Storing audio-visual and electronic media
Until the nineteenth century, information was recorded in a limited number of ways – mostly onto paper, parchment or canvas. Since the mid-nineteenth century many different types of new media have been invented, such as:
- Photographs (glass plates, daguerreotypes, negatives, black and white prints, colour prints, slides, microfilms and microfiches, digital formats such as jpeg)
Sound (vinyl records, reel-to-reel tapes, cassette tapes, minidiscs, compact discs, digital formats such as mp3)
- Moving images (cine film, videotape in multiple formats including Betamax and VHS, video disc, DVD, Blu-Ray, digital formats such as mp4)
- Electronic files (emails, word-processed documents in various formats, databases and spreadsheets, web pages, and items stored on floppy discs, CDs, memory sticks, or online on sites like Flickr)
The challenges of caring for these materials are very great, as each media type has different storage needs. For instance, films and photographs should ideally be stored at a lower relative humidity than paper documents. There are specialist repositories for moving image film and videotape, for instance the Media Archive for Central England (MACE). Staff at these repositories have the technical equipment and expertise to look after these materials properly.
There are also a number of other problems associated with new media:
- Many items need to be viewed or played on machines that are now obsolete.
- Audio and video tapes are very vulnerable to spooling out and breaking, especially if they have not been played for a while, and it is common to find that sound and vision distorts or disappears.
- Items stored on CD and DVD may also disappear or become unplayable.
- Digital formats change regularly, so something saved in an old format might not be readable using modern software.
- Even though photographic prints and slides are vulnerable to fading and colour loss if they are exposed to light, they are still considered a more stable medium over the long term than digital copies.
- It is thought that about 5 years is the maximum amount of time something can be stored in a digital format before checking that the file can still be read, and if necessary ‘migrating’ it to a newer system.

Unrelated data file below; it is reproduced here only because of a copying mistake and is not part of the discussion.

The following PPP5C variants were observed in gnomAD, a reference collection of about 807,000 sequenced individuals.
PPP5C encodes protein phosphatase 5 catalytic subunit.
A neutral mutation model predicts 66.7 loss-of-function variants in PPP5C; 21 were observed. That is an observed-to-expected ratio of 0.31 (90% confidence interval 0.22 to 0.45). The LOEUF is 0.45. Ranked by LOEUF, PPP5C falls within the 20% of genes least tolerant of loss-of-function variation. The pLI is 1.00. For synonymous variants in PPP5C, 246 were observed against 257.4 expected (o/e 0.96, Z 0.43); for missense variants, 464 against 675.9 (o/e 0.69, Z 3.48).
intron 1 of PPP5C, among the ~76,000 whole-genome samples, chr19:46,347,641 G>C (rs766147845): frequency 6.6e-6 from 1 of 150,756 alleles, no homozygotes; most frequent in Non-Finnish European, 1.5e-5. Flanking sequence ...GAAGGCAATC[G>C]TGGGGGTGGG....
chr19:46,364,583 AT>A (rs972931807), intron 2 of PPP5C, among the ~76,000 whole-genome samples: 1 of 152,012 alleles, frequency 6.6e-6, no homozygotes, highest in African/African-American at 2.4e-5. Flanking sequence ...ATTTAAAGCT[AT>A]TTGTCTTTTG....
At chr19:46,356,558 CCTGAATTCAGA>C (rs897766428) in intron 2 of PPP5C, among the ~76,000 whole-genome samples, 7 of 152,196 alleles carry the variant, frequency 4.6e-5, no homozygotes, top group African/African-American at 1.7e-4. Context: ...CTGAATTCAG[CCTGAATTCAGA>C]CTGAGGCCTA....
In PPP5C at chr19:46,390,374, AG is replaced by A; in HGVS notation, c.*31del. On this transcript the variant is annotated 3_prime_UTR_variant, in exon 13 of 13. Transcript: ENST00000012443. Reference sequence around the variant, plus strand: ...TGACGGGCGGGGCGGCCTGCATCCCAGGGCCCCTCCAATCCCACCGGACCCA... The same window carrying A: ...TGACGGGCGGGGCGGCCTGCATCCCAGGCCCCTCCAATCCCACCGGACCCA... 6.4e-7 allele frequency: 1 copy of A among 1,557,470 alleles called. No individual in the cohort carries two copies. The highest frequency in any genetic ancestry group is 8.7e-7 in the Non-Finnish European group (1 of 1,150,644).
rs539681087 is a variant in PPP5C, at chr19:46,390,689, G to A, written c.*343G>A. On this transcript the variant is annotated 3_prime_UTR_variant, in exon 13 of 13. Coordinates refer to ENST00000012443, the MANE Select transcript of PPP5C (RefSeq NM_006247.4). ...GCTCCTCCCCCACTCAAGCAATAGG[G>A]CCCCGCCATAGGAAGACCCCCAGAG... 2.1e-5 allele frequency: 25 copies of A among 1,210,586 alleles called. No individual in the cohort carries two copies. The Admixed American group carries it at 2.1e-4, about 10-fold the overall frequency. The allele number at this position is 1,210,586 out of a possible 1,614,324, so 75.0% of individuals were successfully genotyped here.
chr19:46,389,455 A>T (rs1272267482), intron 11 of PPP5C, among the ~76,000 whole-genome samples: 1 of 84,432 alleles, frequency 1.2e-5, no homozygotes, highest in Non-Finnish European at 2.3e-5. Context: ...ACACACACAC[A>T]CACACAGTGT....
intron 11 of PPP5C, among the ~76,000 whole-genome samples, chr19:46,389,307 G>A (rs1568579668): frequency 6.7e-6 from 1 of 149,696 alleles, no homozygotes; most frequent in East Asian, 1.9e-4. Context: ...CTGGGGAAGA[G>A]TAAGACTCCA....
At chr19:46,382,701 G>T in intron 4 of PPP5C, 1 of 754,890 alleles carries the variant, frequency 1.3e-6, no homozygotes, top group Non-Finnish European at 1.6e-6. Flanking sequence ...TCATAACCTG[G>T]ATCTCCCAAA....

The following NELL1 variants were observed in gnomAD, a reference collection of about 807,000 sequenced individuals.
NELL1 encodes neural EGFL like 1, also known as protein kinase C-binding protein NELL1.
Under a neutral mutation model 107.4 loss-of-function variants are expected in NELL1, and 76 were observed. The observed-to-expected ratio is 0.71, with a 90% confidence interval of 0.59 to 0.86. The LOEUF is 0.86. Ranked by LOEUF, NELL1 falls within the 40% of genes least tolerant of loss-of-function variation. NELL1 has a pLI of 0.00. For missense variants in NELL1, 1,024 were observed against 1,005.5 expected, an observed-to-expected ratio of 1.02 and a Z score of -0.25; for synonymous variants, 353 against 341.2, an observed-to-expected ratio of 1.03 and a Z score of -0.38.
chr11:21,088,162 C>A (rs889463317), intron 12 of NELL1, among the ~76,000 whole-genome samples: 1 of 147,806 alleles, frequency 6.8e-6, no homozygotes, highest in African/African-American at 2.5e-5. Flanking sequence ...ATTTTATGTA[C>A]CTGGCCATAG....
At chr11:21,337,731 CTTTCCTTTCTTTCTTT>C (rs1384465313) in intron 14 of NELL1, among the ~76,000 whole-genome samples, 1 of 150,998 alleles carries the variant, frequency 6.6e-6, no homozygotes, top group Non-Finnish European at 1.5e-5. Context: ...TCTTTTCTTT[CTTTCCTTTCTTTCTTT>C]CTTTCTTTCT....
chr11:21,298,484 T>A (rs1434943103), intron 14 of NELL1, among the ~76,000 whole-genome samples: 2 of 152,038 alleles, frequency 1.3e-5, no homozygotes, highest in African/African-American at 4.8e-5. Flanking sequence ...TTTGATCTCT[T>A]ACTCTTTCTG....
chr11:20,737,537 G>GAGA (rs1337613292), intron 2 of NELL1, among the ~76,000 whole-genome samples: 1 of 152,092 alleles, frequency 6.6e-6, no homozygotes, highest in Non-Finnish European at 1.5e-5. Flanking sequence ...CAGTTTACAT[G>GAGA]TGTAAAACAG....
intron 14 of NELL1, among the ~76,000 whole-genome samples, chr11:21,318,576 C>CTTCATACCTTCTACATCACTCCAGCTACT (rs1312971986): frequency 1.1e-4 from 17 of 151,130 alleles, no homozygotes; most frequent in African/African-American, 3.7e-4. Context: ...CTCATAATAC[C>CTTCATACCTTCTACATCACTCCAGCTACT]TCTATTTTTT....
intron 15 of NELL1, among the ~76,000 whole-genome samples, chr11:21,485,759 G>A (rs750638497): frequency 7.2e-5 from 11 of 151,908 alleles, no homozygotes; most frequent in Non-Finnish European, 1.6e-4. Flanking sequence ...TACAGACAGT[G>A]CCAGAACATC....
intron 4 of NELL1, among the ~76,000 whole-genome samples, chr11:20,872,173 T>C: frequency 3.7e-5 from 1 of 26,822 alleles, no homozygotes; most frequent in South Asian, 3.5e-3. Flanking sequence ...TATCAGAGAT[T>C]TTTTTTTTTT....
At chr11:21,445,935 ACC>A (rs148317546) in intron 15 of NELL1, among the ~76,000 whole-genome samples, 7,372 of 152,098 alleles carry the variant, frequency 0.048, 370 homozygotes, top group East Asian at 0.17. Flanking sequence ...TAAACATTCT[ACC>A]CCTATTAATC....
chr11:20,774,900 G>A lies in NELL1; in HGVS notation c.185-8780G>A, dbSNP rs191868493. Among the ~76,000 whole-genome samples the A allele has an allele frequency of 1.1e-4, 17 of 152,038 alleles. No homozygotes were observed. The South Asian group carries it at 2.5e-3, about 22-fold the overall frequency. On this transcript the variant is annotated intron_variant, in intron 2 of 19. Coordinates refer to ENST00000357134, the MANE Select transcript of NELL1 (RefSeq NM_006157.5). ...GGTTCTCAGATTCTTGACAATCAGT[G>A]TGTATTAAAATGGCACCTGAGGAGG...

Obsolete floppy disks
However, new digital technology is an exciting and useful tool for archivists and other curators of older material. It enables us to make copies of vulnerable items (subject to copyright regulations), and gives us the possibility of making these copies available to a wide audience.
Some archive offices already have large collections of ‘born-digital’ material available to the public. ‘Born-digital’ is a term used for material that was originally created in digital form, generally from the 1990s onwards. One example is the collection of Electronic Records Online, at The National Archives.
You can help to safeguard your own media for the future by taking the following steps:
- Make digital copies of photographs and of any audio-visual material that you want to keep and can still play (e.g. cassette tapes, home movies)
- But remember that digital media needs to be properly managed – don’t be tempted to throw away the originals without careful thought about whether you really want to do that!
- So for the moment you might want to continue printing out any particularly important digital photographs onto good quality photographic paper
- Keep back-up copies on CDs, DVDs or preferably on an external hard drive
- Check the copies regularly. If you find a problem, you might need to make a new copy or retrieve a back-up
- Arrange your material in a logical way and use meaningful names for folders and files. That way, anyone else accessing your material will understand quickly what each folder contains. For instance, you could arrange digital photographs into folders based on the year and month the images were taken. Folders will sort logically if you use figures for months (e.g. ‘2010-08 photographs’, ‘2010-09 photographs’)
- You cannot write on the back of digital photographs as you would do for prints, but it is helpful to have captions associated with the photographs in some way. You could give the photograph a filename that includes the date the photograph was taken and some words of description, but this could make your filenames too long. Alternatively, you could keep a word-processed text document containing captions in the same folder as the photographs it describes.
A well-organised electronic filing system
Next page: Looking after important papers at home